* If you were paying you to prioritise emails over coaching your team, would you feel you were getting a good return on your investment?
* If you were paying you to waste time on trivia rather than planning your next quarters sales plan ? would you think you were getting good value for money?
* If you were paying you to sit in numerous unproductive meetings would you feel that was a worthwhile contribution?
I suspect that the answer to those questions is no and yet, in effect, that's exactly what you are doing. By choosing to adopt poor time management habits and poorly prioritise what's important you are in effect creating a poor return on investment for your self your organisation or you own business.
No go One Step Further and ask your self "If I was paying me by the hour, day or on specific results what would I pay myself?"
It might be $30/hour, $800/week or $150000/year depending on your skill, knowledge and experience and in what role or business you are in. Let's say for example you are a manager earning $80000/year. Let's assume you work 250 x 8 hour days a year, which means you are earning the equivalent of $40/hour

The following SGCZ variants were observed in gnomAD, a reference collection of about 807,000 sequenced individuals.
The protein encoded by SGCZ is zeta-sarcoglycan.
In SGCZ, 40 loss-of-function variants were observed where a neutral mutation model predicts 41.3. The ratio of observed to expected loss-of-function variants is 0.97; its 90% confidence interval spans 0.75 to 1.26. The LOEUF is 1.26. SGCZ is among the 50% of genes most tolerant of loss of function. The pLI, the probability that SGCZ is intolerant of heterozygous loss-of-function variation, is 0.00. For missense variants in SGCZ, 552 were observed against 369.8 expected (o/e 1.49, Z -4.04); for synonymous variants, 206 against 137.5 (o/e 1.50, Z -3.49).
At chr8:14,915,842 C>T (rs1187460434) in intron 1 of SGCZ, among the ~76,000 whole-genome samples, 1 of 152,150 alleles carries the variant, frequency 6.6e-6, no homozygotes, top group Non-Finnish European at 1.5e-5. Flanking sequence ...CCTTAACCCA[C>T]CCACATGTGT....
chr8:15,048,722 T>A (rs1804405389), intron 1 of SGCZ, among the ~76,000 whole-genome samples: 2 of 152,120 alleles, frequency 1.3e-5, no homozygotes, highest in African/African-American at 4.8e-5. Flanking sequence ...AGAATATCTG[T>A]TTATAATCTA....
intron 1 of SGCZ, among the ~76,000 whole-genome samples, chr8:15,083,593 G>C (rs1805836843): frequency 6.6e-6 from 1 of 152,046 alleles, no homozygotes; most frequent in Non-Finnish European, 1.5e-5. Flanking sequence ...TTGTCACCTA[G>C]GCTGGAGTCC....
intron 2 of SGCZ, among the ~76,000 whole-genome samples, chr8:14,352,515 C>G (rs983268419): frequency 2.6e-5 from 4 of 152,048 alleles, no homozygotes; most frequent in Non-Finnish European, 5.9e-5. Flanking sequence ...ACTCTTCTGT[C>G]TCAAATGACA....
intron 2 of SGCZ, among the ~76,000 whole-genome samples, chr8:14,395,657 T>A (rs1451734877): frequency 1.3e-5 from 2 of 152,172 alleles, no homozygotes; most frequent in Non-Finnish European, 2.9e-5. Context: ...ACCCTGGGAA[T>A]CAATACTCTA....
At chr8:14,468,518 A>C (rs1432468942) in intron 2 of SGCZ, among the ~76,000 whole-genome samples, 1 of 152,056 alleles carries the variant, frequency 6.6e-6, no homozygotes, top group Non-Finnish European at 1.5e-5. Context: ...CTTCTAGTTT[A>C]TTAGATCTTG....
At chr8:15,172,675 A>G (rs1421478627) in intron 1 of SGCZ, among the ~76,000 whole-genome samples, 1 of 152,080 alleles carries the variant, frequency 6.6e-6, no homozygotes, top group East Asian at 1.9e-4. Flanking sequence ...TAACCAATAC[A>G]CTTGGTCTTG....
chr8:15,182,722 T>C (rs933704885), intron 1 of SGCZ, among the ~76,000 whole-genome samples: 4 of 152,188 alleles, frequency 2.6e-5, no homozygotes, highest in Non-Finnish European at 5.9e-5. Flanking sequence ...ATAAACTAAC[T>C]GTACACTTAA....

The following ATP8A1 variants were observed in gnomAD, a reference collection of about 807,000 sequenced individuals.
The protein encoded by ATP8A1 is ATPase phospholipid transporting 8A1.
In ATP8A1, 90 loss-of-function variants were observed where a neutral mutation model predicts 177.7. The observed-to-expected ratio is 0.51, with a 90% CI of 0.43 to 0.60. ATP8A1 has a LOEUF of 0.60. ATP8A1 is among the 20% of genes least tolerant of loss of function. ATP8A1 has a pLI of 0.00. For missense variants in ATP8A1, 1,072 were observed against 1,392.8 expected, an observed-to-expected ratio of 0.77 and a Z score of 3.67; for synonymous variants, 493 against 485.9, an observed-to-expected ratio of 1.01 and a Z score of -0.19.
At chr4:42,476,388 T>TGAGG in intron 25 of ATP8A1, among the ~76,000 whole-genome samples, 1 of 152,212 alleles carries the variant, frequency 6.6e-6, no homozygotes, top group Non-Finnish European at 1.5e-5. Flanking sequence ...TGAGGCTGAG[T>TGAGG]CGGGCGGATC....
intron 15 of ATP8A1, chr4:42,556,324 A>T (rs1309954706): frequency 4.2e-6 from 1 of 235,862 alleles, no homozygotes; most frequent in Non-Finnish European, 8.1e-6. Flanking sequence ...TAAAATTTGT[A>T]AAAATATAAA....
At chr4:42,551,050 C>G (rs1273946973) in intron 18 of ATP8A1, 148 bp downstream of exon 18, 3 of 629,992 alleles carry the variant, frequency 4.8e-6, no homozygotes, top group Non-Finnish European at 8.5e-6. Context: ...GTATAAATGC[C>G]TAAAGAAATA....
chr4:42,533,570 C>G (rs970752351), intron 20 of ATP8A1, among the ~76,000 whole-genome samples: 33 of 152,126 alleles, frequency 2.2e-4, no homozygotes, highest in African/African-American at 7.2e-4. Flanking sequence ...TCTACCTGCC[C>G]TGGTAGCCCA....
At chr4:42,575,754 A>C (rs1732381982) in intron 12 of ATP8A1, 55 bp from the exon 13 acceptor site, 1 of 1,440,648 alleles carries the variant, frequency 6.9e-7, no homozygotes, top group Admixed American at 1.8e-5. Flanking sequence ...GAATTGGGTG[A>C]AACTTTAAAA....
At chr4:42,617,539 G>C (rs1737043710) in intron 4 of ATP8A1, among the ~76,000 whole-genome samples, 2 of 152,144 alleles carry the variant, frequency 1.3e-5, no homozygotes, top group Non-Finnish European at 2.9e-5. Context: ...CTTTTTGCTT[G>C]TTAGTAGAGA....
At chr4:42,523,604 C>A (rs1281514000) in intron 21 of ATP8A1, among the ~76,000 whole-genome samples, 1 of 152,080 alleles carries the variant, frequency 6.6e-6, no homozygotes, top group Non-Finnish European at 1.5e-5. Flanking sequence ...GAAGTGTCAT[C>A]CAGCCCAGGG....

* For every hour you spend trawling through your emails the cost is $40
* For every ½ day you spend catching up on your personal administration because you are poorly organised the cost is $160
* For every day you sit in unproductive meetings the cost is $320
Now imagine that came out of YOUR paycheck. Would that refocus your priorities? Probably.
You can see now how your poor time management could be costing you dearly and that's only in financial terms. You are probably paying the price physically and emotionally for your lack of prioritisation of what's important versus what's urgent and unimportant. But look how easily you can make impactful changes
Using the same average work pattern look how much extra time you could have if?
* You save 5 minutes a day; you will increase your productivity by 2.6 full days.
* You save 30 minutes a day; you will increase your productivity by 15.63 full days.
* You save one hour a day; you will increase your productivity by 31.25 full days.
Suddenly you have "created more time" with the opportunity to achieve more results. You can see that even small changes can make a huge difference.
Take Control of Your Time an by saving that time or by choosing to reallocate that time to higher priority work you will achieve better results, reach the targets you have been set and help others to do the same. By changing your costly habits you might also help others change theirs.
©2005 Beverley Hamilton
About The Author
Beverley Hamilton is the author of Take Control of Your Time: 7 Straight Shooter Strategies for Success. To learn more, subscribe to Quickstart her free ezine and get more tips, tools and articles visit at One Step Further
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